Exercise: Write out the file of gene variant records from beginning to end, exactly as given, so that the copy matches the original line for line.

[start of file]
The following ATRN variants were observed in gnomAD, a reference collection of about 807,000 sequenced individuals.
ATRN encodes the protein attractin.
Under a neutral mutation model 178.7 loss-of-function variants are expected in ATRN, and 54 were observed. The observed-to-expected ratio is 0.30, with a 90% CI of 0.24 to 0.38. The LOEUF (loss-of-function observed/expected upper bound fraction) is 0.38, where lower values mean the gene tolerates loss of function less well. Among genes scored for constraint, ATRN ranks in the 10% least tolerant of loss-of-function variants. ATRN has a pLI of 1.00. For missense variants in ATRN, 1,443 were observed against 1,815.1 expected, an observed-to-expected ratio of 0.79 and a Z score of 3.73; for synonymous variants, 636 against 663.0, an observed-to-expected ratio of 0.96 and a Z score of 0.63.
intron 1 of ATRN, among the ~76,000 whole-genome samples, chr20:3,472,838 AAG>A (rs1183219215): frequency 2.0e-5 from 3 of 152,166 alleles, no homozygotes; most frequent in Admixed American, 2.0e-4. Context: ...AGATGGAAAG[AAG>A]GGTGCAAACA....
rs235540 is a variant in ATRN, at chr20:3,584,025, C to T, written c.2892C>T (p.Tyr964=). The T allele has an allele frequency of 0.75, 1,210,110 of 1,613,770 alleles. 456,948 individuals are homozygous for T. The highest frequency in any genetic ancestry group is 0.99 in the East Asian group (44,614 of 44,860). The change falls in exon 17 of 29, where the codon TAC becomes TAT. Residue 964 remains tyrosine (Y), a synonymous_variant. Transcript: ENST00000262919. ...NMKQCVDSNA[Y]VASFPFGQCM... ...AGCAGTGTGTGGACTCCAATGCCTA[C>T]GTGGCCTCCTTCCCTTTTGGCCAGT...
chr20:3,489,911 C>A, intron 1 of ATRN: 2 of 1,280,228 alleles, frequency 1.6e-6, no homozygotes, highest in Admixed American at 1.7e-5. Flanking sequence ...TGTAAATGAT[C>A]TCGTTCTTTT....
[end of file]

The following ATRN variants were observed in gnomAD, a reference collection of about 807,000 sequenced individuals.
ATRN encodes the protein attractin.
Under a neutral mutation model 178.7 loss-of-function variants are expected in ATRN, and 54 were observed. The observed-to-expected ratio is 0.30, with a 90% CI of 0.24 to 0.38. The LOEUF (loss-of-function observed/expected upper bound fraction) is 0.38, where lower values mean the gene tolerates loss of function less well. Among genes scored for constraint, ATRN ranks in the 10% least tolerant of loss-of-function variants. ATRN has a pLI of 1.00. For missense variants in ATRN, 1,443 were observed against 1,815.1 expected, an observed-to-expected ratio of 0.79 and a Z score of 3.73; for synonymous variants, 636 against 663.0, an observed-to-expected ratio of 0.96 and a Z score of 0.63.
intron 1 of ATRN, among the ~76,000 whole-genome samples, chr20:3,472,838 AAG>A (rs1183219215): frequency 2.0e-5 from 3 of 152,166 alleles, no homozygotes; most frequent in Admixed American, 2.0e-4. Context: ...AGATGGAAAG[AAG>A]GGTGCAAACA....
rs235540 is a variant in ATRN, at chr20:3,584,025, C to T, written c.2892C>T (p.Tyr964=). The T allele has an allele frequency of 0.75, 1,210,110 of 1,613,770 alleles. 456,948 individuals are homozygous for T. The highest frequency in any genetic ancestry group is 0.99 in the East Asian group (44,614 of 44,860). The change falls in exon 17 of 29, where the codon TAC becomes TAT. Residue 964 remains tyrosine (Y), a synonymous_variant. Transcript: ENST00000262919. ...NMKQCVDSNA[Y]VASFPFGQCM... ...AGCAGTGTGTGGACTCCAATGCCTA[C>T]GTGGCCTCCTTCCCTTTTGGCCAGT...
chr20:3,489,911 C>A, intron 1 of ATRN: 2 of 1,280,228 alleles, frequency 1.6e-6, no homozygotes, highest in Admixed American at 1.7e-5. Flanking sequence ...TGTAAATGAT[C>A]TCGTTCTTTT....